MCIs MMDS Play Buys Cheap Spectrum

MCI WorldCom appears to be making a big play for wireless
cable companies in an effort to secure enough bandwidth to bypass local telephone
companies for Internet services, and possibly for its own brand of local telephony.

MCI -- the second-largest long-distance carrier behind
AT&T Corp. -- has been buying hundreds of millions of dollars worth of bonds in such
wireless cable providers as CAI Wireless Systems Inc., CS Wireless Systems Inc.,
People's Choice TV Corp. (PCTV) and Wireless One Inc., sources said last week. MCI
has declined to comment.

MCI apparently sees the wireless cable spectrum as its
chance to break the grip of the local phone companies in providing the
"last-mile" connection from its national network to individual customers'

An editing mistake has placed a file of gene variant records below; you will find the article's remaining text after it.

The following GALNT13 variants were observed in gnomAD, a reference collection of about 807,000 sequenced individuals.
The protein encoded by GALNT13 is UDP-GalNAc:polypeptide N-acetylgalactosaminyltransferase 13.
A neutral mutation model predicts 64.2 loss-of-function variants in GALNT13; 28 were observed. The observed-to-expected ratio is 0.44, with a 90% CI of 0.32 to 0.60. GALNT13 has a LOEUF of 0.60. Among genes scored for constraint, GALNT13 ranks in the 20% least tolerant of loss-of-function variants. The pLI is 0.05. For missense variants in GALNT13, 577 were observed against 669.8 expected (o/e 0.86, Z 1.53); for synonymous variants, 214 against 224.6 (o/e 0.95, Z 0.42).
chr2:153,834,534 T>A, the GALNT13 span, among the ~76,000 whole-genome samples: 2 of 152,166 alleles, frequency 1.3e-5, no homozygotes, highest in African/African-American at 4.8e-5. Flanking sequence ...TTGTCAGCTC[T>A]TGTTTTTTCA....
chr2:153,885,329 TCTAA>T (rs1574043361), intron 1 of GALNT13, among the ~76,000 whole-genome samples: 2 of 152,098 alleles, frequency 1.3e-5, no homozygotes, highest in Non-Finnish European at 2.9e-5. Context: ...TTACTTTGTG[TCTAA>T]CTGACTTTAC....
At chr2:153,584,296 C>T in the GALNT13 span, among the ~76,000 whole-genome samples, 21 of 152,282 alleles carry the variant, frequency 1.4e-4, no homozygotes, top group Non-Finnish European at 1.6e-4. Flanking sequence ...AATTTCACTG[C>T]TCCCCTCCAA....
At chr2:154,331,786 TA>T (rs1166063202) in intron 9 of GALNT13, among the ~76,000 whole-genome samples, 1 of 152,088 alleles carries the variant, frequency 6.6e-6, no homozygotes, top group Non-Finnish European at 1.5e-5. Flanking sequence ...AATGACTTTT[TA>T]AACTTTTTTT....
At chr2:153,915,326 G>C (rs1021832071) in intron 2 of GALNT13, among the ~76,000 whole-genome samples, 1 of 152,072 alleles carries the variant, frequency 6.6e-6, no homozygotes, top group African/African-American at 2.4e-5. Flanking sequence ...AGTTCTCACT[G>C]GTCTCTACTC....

By gaining control of the companies, MCI would gain control
of their wireless-spectrum licenses, giving it access to bandwidth to deliver high-speed
Internet and other telephony services from its network directly to the customer premises.

John Mansell, a private-cable analyst with Paul Kagan &
Associates Inc., said it is possible that by owning the bonds, MCI could end up with
between 40 percent and 60 percent ownership of the individual companies.

He added that the four companies together have access to
about one-half of the homes in the country.

Walter Eilers, a spokesman for Wireless One, declined
comment. CAI, CS Wireless and PCTV officials did not return calls.

Wireless cable systems use microwave technology to transmit
television signals through the air. Also called multichannel multipoint distribution
service, or MMDS, wireless cable uses spectrum that was originally earmarked to offer
analog and digital video service. However, most wireless cable companies have faced severe
cash crunches.

After the Federal Communications Commission recently
allowed for two-way high-speed-data transmission over the spectrum, wireless cable
companies have focused on providing high-speed Internet-access services and on the
potential for telephony.

They hoped to bring Internet providers and phone companies
in as strategic partners a strategy that paid off temporarily for some firms that